Thursday, April 03, 2008

A Candidate I Could Have a Beer With, Part II

I don't like to think of myself as a racist. I grew up without thinking ever about the subject, didn't need to, but the hateful crap that my in-laws shout about makes me feel guilty about all those times I ignorantly nodded along with someone's vague view of blacks and foreigners, always stealing someone's job or other. In college, I hung out with a few black guys, and didn't find them any more or less worthy than anybody else. Hell, one dude basically got me through P. Chem. But you know, that place was it's own expensive little world, and nowadays I hear my father-in-law's voice in a lot more white people, and it makes me uncomfortable. It's gotten to the point that when I do meet a black guy--pretty rare--I fall all over myself trying to treat him like a normal person, which you know, isn't normal at all. I don't like to think of myself as a racist, but I have to admit, that's kind of fucked up.

Anyway, it had to be this sort of thinking that got me talking to this Barry guy yesterday. Here he was standing outside of my lunch hangout, a gangly scarecrow of a man, talking to one guy with a camera, and another one with a handheld gizmo that he was taking notes on. I walked up to the door, and stumbled a little. There have been a lot of strangers around, but like I was saying, I didn't want this particular guy to think we aree all a bunch of backwards hicks over here. Like a moron, I hold the door open and asked if they're coming in for lunch.

It took Barry a second to really register what I was doing--the air felt heavy for a second there as his partners stared at me--but then he gathered himself and said, "sure, why not." Joining me at the counter, and after we introduced ourselves, he told me that he was visiting, doing some "politics work" he said, and maybe I could tell him a little bit about life around here.

"You want a beer," I asked?

"All right, Bob. Say, do you usually get a chance for a long lunch?" He was being diplomatic. No let's face it, he was being patronizing--he enunciated everything like a teacher trying to draw out a six-year-old, and when he wasn't speaking, he slowly rotated his head in a vaguely upward direction, to listen I guess, but seeing far, trying to fit the kindergartner's story into the scheme of his big grownup's world. But he had a smooth, deep voice, and to be honest, it's nice to have someone act like they give a damn for a change, even if they don't, and it did evaporate my nerves straight away.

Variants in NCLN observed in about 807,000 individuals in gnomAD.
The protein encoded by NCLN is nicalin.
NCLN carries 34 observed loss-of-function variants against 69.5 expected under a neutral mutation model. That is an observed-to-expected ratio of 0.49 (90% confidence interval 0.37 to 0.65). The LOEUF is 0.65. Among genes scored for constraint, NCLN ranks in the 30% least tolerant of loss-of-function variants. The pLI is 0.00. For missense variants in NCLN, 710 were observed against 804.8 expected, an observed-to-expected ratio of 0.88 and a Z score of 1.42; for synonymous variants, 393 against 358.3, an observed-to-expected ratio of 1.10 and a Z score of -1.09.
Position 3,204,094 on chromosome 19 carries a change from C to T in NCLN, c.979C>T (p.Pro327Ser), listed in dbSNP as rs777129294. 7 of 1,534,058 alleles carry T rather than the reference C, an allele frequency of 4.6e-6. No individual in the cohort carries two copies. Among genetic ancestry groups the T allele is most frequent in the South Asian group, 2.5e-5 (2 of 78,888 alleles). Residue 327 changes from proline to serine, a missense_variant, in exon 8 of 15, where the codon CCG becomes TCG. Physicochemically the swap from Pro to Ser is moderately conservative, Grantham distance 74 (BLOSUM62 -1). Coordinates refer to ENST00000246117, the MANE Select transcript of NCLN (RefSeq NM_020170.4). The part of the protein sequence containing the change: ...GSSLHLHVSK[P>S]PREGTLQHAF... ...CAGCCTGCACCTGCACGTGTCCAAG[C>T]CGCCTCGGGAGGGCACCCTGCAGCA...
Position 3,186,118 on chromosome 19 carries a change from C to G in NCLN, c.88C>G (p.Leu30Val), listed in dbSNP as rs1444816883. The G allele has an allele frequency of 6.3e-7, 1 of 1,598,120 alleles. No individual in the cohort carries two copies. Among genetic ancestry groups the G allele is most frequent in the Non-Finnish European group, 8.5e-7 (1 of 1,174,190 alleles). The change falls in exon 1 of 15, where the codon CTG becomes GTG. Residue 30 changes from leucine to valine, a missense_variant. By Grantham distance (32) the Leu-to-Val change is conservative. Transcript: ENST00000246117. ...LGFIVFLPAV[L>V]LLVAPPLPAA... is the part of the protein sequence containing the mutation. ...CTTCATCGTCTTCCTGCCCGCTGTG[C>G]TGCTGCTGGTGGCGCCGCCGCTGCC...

I explained: "They give me Wednesdays off. Save's 'em a few bucks on benefits to keep me short of full time. I'm hired as a contractor, sort of."

He pursed his lips and nodded. "And what services do you contract, Bob?"

"Geology. I advise some different companies in the Westmoreland Group about mining operations." The guy with the Blackberry was taking notes. I was uncomfortable all over again.

Barry took the smallest sip from his glass. "This," he said, is really excellent beer," and then pushed it away, leaving it untouched for the rest of the conversation. (It's not excellent beer at all.) "Coal is a vital industry, you know. Domestic, plentiful, big donors, important lobby. I can see how skilled geologists are important to the industry. I believe Westmoreland is a member of the National Mining Association. Tell me, Bob, do you work with clean coal technologies?"

"Basically, my job is to keep track of runoff patterns that result from mining operations. Take some measurements and surveys, make some estimates, turn in a report every couple weeks. Clean? It's coal."